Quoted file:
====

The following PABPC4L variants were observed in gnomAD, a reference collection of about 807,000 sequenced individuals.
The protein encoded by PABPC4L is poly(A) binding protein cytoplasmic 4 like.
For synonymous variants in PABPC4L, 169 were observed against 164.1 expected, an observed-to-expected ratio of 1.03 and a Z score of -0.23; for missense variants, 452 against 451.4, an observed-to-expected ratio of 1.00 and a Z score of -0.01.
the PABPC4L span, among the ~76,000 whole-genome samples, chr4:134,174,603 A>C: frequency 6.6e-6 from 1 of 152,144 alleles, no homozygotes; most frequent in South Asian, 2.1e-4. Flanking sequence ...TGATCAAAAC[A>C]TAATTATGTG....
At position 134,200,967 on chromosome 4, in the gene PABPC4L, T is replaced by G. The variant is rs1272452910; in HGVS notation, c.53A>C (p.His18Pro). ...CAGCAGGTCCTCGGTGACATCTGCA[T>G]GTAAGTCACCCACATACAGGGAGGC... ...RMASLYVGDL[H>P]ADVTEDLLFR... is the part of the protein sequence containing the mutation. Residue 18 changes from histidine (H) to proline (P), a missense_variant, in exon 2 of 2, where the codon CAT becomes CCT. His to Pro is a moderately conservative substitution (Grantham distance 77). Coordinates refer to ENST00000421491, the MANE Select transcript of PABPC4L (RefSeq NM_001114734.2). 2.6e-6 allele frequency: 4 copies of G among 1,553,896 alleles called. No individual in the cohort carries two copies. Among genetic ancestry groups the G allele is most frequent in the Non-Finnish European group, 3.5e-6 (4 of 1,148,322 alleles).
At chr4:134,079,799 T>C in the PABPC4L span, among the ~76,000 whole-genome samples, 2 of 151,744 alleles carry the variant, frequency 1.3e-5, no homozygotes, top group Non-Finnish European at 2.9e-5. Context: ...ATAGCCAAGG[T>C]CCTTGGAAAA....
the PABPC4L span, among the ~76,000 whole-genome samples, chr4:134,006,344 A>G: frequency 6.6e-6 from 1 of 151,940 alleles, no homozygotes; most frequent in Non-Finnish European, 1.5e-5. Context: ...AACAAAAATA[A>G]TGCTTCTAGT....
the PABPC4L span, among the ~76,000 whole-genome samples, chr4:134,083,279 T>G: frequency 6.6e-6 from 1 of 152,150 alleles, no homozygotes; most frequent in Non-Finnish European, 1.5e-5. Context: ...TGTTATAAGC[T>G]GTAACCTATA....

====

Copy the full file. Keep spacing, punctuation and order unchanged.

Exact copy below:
The following PABPC4L variants were observed in gnomAD, a reference collection of about 807,000 sequenced individuals.
The protein encoded by PABPC4L is poly(A) binding protein cytoplasmic 4 like.
For synonymous variants in PABPC4L, 169 were observed against 164.1 expected, an observed-to-expected ratio of 1.03 and a Z score of -0.23; for missense variants, 452 against 451.4, an observed-to-expected ratio of 1.00 and a Z score of -0.01.
the PABPC4L span, among the ~76,000 whole-genome samples, chr4:134,174,603 A>C: frequency 6.6e-6 from 1 of 152,144 alleles, no homozygotes; most frequent in South Asian, 2.1e-4. Flanking sequence ...TGATCAAAAC[A>C]TAATTATGTG....
At position 134,200,967 on chromosome 4, in the gene PABPC4L, T is replaced by G. The variant is rs1272452910; in HGVS notation, c.53A>C (p.His18Pro). ...CAGCAGGTCCTCGGTGACATCTGCA[T>G]GTAAGTCACCCACATACAGGGAGGC... ...RMASLYVGDL[H>P]ADVTEDLLFR... is the part of the protein sequence containing the mutation. Residue 18 changes from histidine (H) to proline (P), a missense_variant, in exon 2 of 2, where the codon CAT becomes CCT. His to Pro is a moderately conservative substitution (Grantham distance 77). Coordinates refer to ENST00000421491, the MANE Select transcript of PABPC4L (RefSeq NM_001114734.2). 2.6e-6 allele frequency: 4 copies of G among 1,553,896 alleles called. No individual in the cohort carries two copies. Among genetic ancestry groups the G allele is most frequent in the Non-Finnish European group, 3.5e-6 (4 of 1,148,322 alleles).
At chr4:134,079,799 T>C in the PABPC4L span, among the ~76,000 whole-genome samples, 2 of 151,744 alleles carry the variant, frequency 1.3e-5, no homozygotes, top group Non-Finnish European at 2.9e-5. Context: ...ATAGCCAAGG[T>C]CCTTGGAAAA....
the PABPC4L span, among the ~76,000 whole-genome samples, chr4:134,006,344 A>G: frequency 6.6e-6 from 1 of 151,940 alleles, no homozygotes; most frequent in Non-Finnish European, 1.5e-5. Context: ...AACAAAAATA[A>G]TGCTTCTAGT....
the PABPC4L span, among the ~76,000 whole-genome samples, chr4:134,083,279 T>G: frequency 6.6e-6 from 1 of 152,150 alleles, no homozygotes; most frequent in Non-Finnish European, 1.5e-5. Context: ...TGTTATAAGC[T>G]GTAACCTATA....